In fact, as an indication of the clout of the Dead in this context, not only were the New Riders broadcast in their entirety, but the set of opening act Ramblin' Jack Elliott was broadcast as well. At the time, Elliott, though a legend, did not have a label and had not released an album in three years (his last album had been released in 1970 on Reprise). However, Elliott was also booked by Sam Cutler, and clearly the presence of Jerry Garcia was enough to induce Columbia to subsidize the broadcast of Ramblin' Jack's set as well as that of the Riders.
However, since the Dead were performing elsewhere, their contract with the Nassau promoter, whom I believe was Bill Graham, would have prevented them from being mentioned by name. Also, since the name "Grateful Dead" was not formally invoked, the band members could show up and perform on whichever or whatever songs they felt like. Knowing what we know today, Garcia must have had his banjo with him because he was probably practicing constantly, trying to get up to speed for Old And In The Way, which had just begun to play in the Bay Area. It's a great touch that he used it to perform with the Riders--I think March 18, 1973 was almost the only time he played banjo on stage with them (Garcia did play banjo briefly at a unique show at The Matrix on July 7, 1970). Besides the mini-acoustic set, Garcia played banjo on "Henry" as well as electric guitar on "Glendale Train," obviously just having the kind of fun he couldn't have if the marquee had said "tonight: NRPS with Jerry Garcia."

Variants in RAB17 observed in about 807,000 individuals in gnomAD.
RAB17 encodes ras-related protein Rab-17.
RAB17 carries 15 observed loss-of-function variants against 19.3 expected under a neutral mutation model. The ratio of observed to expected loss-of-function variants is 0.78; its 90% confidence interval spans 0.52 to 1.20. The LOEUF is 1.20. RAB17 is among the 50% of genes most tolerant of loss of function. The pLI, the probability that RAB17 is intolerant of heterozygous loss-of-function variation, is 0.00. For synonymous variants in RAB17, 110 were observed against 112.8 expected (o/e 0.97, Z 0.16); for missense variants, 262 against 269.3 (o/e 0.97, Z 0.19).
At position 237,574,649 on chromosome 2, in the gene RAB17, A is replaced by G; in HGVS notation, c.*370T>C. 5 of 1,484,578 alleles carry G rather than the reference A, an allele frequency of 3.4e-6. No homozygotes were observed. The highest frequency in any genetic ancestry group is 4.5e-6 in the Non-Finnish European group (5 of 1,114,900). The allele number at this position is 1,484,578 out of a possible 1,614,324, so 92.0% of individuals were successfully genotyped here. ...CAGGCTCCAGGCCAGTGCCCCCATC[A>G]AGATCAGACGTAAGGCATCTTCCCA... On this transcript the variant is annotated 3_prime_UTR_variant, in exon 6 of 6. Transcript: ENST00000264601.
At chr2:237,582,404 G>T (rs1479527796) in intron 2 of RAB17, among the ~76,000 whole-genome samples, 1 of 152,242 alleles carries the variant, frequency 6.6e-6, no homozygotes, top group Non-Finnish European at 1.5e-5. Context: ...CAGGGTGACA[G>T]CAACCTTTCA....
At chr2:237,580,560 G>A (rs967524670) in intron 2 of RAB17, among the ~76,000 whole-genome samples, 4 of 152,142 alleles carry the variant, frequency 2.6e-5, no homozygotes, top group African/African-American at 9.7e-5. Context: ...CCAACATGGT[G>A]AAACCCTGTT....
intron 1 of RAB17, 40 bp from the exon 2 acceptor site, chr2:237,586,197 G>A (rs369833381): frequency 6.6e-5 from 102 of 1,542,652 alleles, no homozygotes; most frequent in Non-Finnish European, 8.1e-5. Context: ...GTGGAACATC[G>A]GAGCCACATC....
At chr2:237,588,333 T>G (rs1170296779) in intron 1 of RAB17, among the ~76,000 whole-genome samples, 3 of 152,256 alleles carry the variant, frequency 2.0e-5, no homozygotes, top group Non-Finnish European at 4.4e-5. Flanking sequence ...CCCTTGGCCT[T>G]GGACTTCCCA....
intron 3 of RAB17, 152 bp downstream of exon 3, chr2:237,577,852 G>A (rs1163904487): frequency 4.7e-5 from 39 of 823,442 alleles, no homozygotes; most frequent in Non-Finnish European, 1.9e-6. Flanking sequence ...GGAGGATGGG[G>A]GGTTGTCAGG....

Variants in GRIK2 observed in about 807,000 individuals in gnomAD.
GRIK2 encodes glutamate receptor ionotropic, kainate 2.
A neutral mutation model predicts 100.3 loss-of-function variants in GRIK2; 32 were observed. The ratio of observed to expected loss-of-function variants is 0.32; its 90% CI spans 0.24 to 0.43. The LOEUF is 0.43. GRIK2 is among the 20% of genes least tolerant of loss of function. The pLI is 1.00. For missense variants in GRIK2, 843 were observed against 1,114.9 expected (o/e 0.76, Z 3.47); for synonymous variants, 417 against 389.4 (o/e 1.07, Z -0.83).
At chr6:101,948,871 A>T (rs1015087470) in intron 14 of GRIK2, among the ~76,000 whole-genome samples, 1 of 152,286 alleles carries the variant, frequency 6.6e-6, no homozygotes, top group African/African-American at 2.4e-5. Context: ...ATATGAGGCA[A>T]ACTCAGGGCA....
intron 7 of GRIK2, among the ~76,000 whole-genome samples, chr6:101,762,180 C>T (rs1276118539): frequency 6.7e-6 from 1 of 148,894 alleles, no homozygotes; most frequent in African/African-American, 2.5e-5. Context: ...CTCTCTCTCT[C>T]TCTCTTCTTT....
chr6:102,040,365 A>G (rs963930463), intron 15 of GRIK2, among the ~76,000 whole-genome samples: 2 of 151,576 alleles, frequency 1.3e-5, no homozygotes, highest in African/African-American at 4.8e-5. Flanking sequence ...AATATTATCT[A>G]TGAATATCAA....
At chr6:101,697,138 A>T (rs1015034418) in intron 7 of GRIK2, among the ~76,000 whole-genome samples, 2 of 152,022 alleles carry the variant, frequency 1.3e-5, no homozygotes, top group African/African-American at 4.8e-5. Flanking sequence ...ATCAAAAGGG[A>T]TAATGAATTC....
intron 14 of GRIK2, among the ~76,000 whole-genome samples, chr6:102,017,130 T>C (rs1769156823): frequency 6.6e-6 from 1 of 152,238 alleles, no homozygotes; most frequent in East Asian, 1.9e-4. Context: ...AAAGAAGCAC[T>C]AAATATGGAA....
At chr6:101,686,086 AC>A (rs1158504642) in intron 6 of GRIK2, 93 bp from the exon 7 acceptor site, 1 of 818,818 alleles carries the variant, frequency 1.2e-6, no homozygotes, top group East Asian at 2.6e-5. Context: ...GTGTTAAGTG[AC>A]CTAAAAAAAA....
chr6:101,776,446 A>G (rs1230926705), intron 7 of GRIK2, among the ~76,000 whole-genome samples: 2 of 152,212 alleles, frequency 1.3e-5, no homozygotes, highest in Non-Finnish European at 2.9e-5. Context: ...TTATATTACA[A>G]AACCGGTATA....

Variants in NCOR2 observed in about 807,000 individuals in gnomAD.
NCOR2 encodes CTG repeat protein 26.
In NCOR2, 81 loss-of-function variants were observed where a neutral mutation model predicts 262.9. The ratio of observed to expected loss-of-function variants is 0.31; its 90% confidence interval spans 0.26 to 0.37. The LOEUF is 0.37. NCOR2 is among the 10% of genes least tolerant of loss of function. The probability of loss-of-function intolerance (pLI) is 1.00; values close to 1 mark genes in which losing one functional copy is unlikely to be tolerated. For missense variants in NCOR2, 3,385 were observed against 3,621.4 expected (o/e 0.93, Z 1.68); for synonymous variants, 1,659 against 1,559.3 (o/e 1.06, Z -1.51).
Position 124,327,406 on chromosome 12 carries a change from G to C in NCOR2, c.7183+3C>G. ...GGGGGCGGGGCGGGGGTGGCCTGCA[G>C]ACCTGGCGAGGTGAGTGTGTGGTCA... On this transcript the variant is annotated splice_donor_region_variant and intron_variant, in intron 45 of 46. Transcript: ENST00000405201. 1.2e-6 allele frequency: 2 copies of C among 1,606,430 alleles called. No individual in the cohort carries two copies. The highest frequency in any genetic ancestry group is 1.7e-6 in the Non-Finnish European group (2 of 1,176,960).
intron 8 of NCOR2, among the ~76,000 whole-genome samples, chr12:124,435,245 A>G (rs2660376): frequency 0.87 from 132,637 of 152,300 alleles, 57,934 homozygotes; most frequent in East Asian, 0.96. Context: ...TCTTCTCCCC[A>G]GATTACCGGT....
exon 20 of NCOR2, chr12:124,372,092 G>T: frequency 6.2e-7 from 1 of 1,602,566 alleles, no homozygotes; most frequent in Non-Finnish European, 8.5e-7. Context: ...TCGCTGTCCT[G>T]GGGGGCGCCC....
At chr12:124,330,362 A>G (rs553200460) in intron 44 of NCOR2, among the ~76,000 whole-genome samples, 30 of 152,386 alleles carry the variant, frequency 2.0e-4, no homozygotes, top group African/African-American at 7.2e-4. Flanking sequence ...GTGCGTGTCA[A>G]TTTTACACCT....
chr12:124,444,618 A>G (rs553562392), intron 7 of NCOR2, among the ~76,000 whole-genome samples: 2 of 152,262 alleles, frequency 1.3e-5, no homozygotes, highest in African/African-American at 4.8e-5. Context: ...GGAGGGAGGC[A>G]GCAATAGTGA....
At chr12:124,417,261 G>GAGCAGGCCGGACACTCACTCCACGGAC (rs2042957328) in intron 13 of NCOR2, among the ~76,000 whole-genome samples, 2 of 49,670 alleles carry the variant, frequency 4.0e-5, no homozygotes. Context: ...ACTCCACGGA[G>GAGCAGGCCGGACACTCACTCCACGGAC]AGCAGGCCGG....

|The Village Voice ad from February 15, 1973 for upcoming Capitol Theater shows
The Grateful Dead had been booked for March 15, 16 and 19 at the Nassau Coliseum. Their scheduled opening act was their Marin County compatriots The Sons Of Champlin, who had recently released an album on Columbia as well (the great Welcome To The Dance). However, after the first night, the Sons found out that the entire family of bassist David Schallock had been murdered, in a terrible tragedy. The Sons all rushed home. Who filled in as the Dead's opening act? Well, apparently the New Riders played with the Dead the other two nights (there's even a tape of March 19).
However, with the Dead having made a surprise guest appearance at the Felt Forum show, and the Riders opening for the Dead, the buzz would have been in the air, so everybody in New Jersey must have assumed that the Dead were going to drop in at Passaic, too. Never mind if that's a rational judgment: I guarantee you everybody standing in line for the show that night had heard about New York (probably in a greatly exaggerated fashion) and was fully expecting Jerry and the boys to make an appearance. Anyone on the Deadheads mailing list could have seen that the Dead were booked for Utica on March 22 and the Spectrum March 24, so it would have seemed perfectly plausible.
The 1973 New Riders were a great live band, and I'm sure they put on a terrific show at the Capitol, but the audience was probably still let down. It must have been tough for the Riders to rock through their best songs while a crowd of Jersey Deadheads (plus some Philadelphia lunatics, of course) shouted "Jerrrry!"